After a historic excavation of Stonehenge, archaeologists say that construction began 300 years later than previously estimated and theorize that it was a place of healing.
A ‘Neolithic Lourdes’
Archaeologists Geoffrey Wainwright and Timothy Darvill announced Monday the findings of their Stonehenge excavation, the first excavation of the prehistoric monument since 1964. They made several surprising discoveries and hypothesize that people traveled there for its healing properties.
Wainwright and Darvill focused on the monument’s bluestones, the smaller stones located inside the ring of massive sarsen stones. Using radiocarbon dating, they have dated the formation of the bluestone circles to 2,300 B.C.E., 300 years later than previously estimated.
The bluestones were assembled before the sarsens and, according to Wainwright and Darvill, they were the reason that pilgrims visited Stonehenge. They say that the bluestones were brought from the Preseli hills in Wales—where there are springs thought to be holy wells—because of their believed healing power.
Wainwright and Darvill found chips of the bluestones scattered around the site, leading them to believe that people had broken off pieces to heal themselves. Also, in studying bodies previously dug up from the site, they observed that there were a large number of seriously injured corpses and analysis of the corpses’ teeth showed that about half of them were not native to the area.
One body, of a man from central Europe who had an infected kneecap and abscessed tooth, is thought to have died around 2,300 B.C.E. The fact that the man, known as the “Amesbury Archer,” traveled such distance with an injured knee suggests that he was attracted by the bluestones’ supposed healing powers.
There is also evidence that Stonehenge was a significant site long before the creation of the stone circles or even the earthworks around the stones. Charcoal fragments found at the site date back to 7,330 B.C.E., meaning that people were there 4,000 years earlier than previously thought.
The results of Wainwright and Darvill’s excavation will be broadcast in a BBC Timewatch documentary, airing Sept. 27 on BBC Two and the Smithsonian Channel.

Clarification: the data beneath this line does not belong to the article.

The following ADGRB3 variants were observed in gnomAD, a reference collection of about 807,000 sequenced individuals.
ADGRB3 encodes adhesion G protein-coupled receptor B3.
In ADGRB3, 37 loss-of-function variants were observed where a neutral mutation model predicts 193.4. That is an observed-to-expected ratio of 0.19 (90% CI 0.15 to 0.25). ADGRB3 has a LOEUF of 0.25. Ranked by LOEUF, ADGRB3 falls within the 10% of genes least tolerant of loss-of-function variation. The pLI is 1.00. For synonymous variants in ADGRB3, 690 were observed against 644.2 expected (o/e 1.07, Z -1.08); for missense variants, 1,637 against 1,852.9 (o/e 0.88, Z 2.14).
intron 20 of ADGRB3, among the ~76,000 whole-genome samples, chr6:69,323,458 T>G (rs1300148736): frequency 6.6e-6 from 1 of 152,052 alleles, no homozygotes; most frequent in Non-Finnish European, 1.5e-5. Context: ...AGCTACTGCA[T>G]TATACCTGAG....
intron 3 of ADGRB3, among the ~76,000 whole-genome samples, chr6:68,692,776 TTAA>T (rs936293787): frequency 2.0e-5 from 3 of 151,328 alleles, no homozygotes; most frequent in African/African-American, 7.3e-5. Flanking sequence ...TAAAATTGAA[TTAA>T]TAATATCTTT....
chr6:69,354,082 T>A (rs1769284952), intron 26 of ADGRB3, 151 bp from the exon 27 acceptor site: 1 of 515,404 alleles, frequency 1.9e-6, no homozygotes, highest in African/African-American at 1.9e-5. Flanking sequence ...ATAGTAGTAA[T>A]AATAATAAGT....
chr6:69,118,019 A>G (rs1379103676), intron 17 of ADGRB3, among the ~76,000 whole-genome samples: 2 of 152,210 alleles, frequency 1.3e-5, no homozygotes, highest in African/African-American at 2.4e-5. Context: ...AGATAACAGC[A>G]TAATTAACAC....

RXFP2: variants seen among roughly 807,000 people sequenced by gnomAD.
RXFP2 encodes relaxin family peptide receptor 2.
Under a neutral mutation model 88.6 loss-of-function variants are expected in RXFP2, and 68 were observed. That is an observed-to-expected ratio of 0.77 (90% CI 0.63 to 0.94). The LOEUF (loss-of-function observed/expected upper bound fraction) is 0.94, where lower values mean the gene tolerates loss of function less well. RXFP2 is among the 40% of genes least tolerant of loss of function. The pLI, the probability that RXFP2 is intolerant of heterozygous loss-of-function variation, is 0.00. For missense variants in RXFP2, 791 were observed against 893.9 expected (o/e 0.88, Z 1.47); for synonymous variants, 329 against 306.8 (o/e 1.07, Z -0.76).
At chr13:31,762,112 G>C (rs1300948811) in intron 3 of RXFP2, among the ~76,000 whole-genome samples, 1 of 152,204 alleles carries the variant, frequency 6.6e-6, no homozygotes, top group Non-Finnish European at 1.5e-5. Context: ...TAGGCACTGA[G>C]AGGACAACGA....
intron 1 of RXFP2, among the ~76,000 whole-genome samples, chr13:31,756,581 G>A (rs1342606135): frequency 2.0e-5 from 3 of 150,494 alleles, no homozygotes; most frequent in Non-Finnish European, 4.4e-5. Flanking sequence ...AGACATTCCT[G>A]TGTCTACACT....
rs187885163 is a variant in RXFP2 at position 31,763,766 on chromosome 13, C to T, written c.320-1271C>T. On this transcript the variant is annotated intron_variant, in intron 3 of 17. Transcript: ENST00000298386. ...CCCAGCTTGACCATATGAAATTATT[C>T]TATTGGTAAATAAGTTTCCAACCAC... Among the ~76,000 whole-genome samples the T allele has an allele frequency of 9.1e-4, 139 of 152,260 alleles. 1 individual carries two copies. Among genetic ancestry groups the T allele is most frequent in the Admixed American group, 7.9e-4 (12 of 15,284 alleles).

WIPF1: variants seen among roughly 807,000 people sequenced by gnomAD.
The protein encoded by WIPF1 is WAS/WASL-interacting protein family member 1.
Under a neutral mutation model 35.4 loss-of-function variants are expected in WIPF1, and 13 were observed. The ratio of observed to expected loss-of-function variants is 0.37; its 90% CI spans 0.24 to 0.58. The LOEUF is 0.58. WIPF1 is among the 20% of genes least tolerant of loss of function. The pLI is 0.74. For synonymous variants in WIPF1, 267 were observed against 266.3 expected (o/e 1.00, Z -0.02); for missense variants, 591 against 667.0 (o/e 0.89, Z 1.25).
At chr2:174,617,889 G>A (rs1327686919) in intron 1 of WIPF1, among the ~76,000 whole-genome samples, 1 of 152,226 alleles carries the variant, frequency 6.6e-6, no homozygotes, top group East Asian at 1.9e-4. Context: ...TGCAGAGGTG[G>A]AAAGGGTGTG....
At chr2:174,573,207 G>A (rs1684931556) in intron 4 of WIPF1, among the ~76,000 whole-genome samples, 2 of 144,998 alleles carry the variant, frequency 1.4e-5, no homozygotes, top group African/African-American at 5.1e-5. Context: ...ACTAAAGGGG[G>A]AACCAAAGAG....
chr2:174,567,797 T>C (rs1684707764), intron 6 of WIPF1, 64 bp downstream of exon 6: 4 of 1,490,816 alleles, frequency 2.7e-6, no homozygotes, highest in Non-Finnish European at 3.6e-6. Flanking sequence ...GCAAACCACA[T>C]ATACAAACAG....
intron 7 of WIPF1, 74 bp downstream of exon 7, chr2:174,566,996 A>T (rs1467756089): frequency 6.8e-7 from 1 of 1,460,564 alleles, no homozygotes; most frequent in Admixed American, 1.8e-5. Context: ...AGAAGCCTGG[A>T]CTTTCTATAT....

Background: The building of Stonehenge
Sources in this Story
- The BBC: Dig pinpoints Stonehenge origins
- The Times of London: An observatory? A shrine? Now they think Stonehenge was an A&E centre
- The BBC: Stonehenge—The Healing Stones
- Encyclopædia Britannica: Stonehenge
- National Geographic: Stonehenge Decoded
Stonehenge is located in the county of Wiltshire in England’s Salisbury Plain. It features a circular arrangement of sarsen stones and bluestones, many of which have been removed over the last 2,000 years.
The bluestones weigh several tons and the large sarsen stones weigh several dozen tons; these stones are not found in the Salisbury Plain and likely had to be carried hundreds of miles to the site.
The site’s construction began with circular earthworks, dug around 3,100 B.C.E., containing 56 holes known as the “Aubrey holes.” It wasn’t for another 800 years that the first ring of bluestones were added inside the circle. The bluestones were removed 200 years later to make room for the erection of five sarsen stone trilithons. The bluestones were put back into place, along with a second circle outside the trilithons. Finally, a ring of sarcen stones was added around the existing monument.
Opinion & Analysis: Theories about Stonehenge
There are many theories as to why and how Stonehenge was built. The extraordinary amount of labor needed to construct Stonehenge illustrates the importance the monument had for its creators.
Many past theories have linked the building of Stonehenge to the Druids, King Arthur or even extra-terrestrials, but these have been debunked. Archaeologists have reached a consensus that it was built by Britons during the Bronze Age, but the reasons for its construction remain uncertain.
Many theories center around the fact that the entrance of the bluestone circle aligns perfectly with the sunrise on the summer solstice. This leads many to believe that Stonehenge was a center for worshipping the sun or perhaps a tool to predict lunar and solar eclipses.
A recent study by University of Sheffield archaeologist Mike Parker-Pearson found evidence of houses dating to 2,600–2,500 B.C.E. in the area surrounding Stonehenge. Pearson believes that the people living there were the ones who built Stonehenge and theorizes that Stonehenge was part of a much larger religious center.
His team also found evidence of burials and cremations dating back to 3,000 B.C.E., which leads Pearson to believe that Stonehenge was built as a “domain of the dead.” His study was chronicled by National Geographic channel for the documentary “Stonehenge Decoded.”